OK so you're not Shakespeare (few of us are). Don't bitch about it! Just focus on the target — well-written, reliable points of reference.
Write a great article on:
- a subject that you know well – not just stuff you studied, but what you have dealt with through life. If you've built treehouses for your kids, write about it! If you can fix your own car problems, maybe the article Internal combustion or Automobile is for you.
- Something you got a book about, lying around... This is a good way of reading books that you can't seem to finish reading. An article is a summary which you can later enrich with specific details.
- What about something you would love to learn about? What about something you love to do or talk about? Put it in writing!
Feeling overwhelmed at the prospect of having to write a large body of text? About something you don't exactly understand yourself? Something entirely foreign to you? No fear! You can paraphrase:
- Track down a reputable source, a solid body of text on the subject or section of the article topic.
- Cut and paste into the article, BUT DO NOT SAVE CHANGES! (see WP:COPYVIO).
- Rewrite the passage. You don't need to change every word and sentence – rephrase as much as possible without changing meaning or information.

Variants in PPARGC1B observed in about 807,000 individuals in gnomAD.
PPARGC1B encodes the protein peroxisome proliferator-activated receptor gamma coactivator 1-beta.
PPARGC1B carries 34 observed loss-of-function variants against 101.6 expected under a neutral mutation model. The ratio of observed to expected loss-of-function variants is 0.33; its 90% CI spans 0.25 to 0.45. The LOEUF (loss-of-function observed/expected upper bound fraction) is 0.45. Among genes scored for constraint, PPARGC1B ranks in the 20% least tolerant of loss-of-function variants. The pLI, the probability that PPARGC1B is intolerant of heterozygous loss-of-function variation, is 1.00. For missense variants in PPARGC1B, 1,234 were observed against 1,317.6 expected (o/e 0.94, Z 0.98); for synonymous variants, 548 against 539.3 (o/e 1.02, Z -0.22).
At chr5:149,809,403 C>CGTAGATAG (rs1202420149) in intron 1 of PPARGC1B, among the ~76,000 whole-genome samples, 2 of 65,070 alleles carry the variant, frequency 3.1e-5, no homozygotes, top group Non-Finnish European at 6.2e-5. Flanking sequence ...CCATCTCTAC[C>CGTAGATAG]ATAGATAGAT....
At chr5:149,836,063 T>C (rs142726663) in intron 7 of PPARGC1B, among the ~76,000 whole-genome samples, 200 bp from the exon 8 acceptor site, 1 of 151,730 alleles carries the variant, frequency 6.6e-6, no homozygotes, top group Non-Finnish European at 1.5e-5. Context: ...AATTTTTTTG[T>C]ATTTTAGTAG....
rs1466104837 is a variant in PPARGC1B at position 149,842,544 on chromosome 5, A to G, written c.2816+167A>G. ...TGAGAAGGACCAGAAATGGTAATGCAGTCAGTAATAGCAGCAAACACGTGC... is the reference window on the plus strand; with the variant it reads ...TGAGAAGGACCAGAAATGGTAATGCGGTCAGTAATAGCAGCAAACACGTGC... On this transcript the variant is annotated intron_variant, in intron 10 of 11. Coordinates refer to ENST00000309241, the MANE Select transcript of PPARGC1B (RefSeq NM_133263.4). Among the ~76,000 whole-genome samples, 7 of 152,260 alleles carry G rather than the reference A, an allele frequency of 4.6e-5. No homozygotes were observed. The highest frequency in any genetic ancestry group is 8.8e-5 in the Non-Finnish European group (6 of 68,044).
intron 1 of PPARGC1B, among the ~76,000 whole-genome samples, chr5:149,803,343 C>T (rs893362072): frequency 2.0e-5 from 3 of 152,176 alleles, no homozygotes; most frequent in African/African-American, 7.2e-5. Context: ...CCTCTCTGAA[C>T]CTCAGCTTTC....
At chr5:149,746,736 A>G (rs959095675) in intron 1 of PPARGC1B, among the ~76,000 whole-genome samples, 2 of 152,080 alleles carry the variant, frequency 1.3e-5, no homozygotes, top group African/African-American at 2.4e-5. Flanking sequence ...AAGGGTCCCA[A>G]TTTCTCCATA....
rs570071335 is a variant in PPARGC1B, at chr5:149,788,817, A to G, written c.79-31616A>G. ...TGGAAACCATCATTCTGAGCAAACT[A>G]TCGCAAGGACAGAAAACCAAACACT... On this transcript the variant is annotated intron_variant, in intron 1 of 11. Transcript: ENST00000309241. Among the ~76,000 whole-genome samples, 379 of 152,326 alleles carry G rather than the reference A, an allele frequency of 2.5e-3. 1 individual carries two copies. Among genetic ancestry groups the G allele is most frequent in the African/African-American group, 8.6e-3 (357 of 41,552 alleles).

- Ask another editor to help you re-write, paraphrase the passage.
Things to take care of:
- Do not violate WP:COPYVIO. While information cannot be copyrighted, it is not justifiable to copy and use somebody else's work, nor will it be tolerated.
- Do not import the opinions and perspective of the authors of the work you are paraphrasing. Neutralize the language and remove sentences that carry insinuations, assumption of facts or interpretations. Adapt the passage to WP:NPOV.
Cleansing your work
- DON'T STARE AT THE SCREEN FOR TOO LONG Tired eyes and minds trigger spelling and grammatical mistakes.
- There is no particular need to supplement Wikipedia's editing tools with a word processor, although the benefits are quite clear.
- Go one paragraph at a time. Deal with big articles through sub-sections.
- Use the page search tool to track all the instances of keywords such as "also," "and" and "as well as." At every instance, study the sentence in question and surrounding text — this is a useful way to conduct pin-point examination of prose, instead of having to read all of it altogether.
- Simple sentences yield beautiful prose. Remove words with common meanings, and try using synonyms in different sentences.
- Word processors are helpful in mass changes, such as standardizing between British English and American English, according to the subject of the article. It is easy to make 90% of the changes in one instant — for Australian or British English, use organise instead of organize. Thus, mass search-and-replace of -ise and -ize is a useful method. In the latter case, if words like size are misspelled as "sise," it is easy to detect the problem through the automatic spellcheck.
- There should be no comma before "and" or "as well as." In such cases, people often write as they speak — this is the root cause of many grammar problems.
- Also, inverted commas/quotation marks must follow and not precede full stops/periods. There are considered commonplace and perhaps not mistakes at all. However, I choose to follow the training I was given at school.
|The path to a featured article|